Facebook As A Campaign Tool

facebook-logo1All political parties use Facebook, but the smaller ones on the Left do it best because Facebook is about connecting people and that’s a very good match to small-party kaupapa.  Facebook is free so rank and file supporters can easily join in and campaign on a shoestring, as all they need is a computer and some get-started ideas.

Maori are even better placed because we are highly connected with each other, already use Facebook extensively and most of us have several times more Facebook friends than average.  That makes it a good way to spread MANA’s message far and wide at very little cost, and many of our supporters already do.  Here are some ways we can all do it more effectively:

Finding people:

Be tactful with friend requests, because if you get many refusals Facebook will restrict your ability to make them.  It’s a good idea to make initial contact with people before you ask.

That said, here are some places to find new supporters:

Most MANA branches have Facebook pages.  If you’re an Admin, hover on “Page Likes” in the right column then “See All” to study their Timelines and find out why they “Like” MANA.  Invite likely people to join your branch.  If you’re not an Admin but want to help, ask the page’s Admin to give you access.

Facebook has a page of its own called Maori Language at https://www.facebook.com/pages/M%C4%81ori/103756166330523?fref=ts with a blue link saying “280,000 users speak this.”  For many that probably means they’d like to be more fluent, but it also means most will be either Maori or Ngati Pakeha.  Click on that blue link to open the list and keep clicking More to scroll down past your own friends and look for people you know.  It’s a very large list, probably the whole 280,000!

Click on hashtags for issues you want to follow up.  That list will show posts from everyone using the hashtag, not just those you already connect with.

Getting noticed:

Instead of posting your own stories watch your friends’ Facebook conversations for an opportunity to join in.  Your comments will be seen by their friends as well as your own and that may lead to new friend requests.

Looking for new Facebook friends who aren’t already in MANA:


These are the six possible kinds of network, but the only two that matter for Facebook are Mesh and Extended Star.  Mesh is how MANA supporters connect with each other and it’s ideal for keeping everyone informed, with most postings about upcoming activities.  However it doesn’t bring in new supporters, you need a star network for that.  You can recognize star-type Facebook users as they have lots of friends but only a few significant mutual ones, meaning they share common interests but have a totally different circle of friends you can reach out to.  Keep those strategic friends in a separate list and filter your News Feed by that List so you can easily watch what they post without clutter.  Join their conversations whenever you see an opportunity so your comments will be seen by large numbers of strangers.  You will probably discover new friends among people in their conversation threads.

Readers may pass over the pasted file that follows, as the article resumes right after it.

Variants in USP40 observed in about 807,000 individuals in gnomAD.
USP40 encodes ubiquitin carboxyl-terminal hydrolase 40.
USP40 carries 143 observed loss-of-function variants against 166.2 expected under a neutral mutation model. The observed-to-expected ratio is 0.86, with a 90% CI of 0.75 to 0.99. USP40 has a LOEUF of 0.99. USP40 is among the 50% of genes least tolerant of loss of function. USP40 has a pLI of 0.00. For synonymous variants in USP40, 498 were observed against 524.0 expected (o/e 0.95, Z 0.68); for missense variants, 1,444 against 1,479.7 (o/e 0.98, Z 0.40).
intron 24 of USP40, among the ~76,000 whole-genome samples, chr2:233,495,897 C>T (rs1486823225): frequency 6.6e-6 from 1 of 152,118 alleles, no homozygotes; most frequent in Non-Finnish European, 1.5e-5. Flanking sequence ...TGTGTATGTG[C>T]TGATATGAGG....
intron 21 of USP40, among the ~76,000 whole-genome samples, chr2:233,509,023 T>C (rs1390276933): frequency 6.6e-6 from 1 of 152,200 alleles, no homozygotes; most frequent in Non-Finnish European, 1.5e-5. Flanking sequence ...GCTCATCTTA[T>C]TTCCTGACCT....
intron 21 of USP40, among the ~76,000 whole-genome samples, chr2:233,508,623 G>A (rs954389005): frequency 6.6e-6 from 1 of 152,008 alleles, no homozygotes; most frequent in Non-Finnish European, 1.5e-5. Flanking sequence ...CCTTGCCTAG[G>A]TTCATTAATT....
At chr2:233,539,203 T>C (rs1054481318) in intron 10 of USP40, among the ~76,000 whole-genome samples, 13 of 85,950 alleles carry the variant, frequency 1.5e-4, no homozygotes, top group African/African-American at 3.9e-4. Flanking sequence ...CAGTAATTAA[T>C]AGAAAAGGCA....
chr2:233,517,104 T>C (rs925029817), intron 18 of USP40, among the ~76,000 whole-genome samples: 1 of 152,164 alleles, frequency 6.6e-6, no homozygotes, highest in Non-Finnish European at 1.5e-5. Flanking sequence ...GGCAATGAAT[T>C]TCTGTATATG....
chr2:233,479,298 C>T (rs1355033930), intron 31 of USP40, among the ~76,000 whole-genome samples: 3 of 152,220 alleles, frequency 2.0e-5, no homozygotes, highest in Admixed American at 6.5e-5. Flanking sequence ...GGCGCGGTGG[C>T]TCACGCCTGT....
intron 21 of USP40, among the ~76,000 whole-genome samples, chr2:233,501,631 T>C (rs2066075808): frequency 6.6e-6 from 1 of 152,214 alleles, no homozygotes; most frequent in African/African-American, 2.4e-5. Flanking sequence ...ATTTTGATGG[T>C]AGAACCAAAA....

Who sees your postings?

Not everyone you expect!  To keep your News Feed manageable Facebook filters out friends you haven’t Liked or engaged with much in the past, whether or not you target them.  So if you accept a new friend but don’t follow up, that person is unlikely to see your future posts unless you’ve had a conversation and Liked each other’s posts.  That’s why you should engage with new friends straight away and Like everything, because the number of Likes you give each other determines what you will each see in future!

What makes a post go viral?

Nobody’s really sure, but these three things always help:

Fresh and impactful, right place at the right time.
Relevant, simple and short.
Action images that tell a story.

Getting ready for 2017:

Two years out from an election, building a strong network is what matters most and good preparation now will make ours much more effective.  Develop your own Facebook strategy over the next two years (which Lists, which Groups, what sort of posts will you use?) so you will know exactly what to do when the time comes, and share what you learn with other supporters.

More information:

Study the Notes on the author’s Facebook page and share what you learn with other supporters as you help build MANA’s campaign network.

Nā tō rourou, nā taku rourou, ka ora ai te iwi.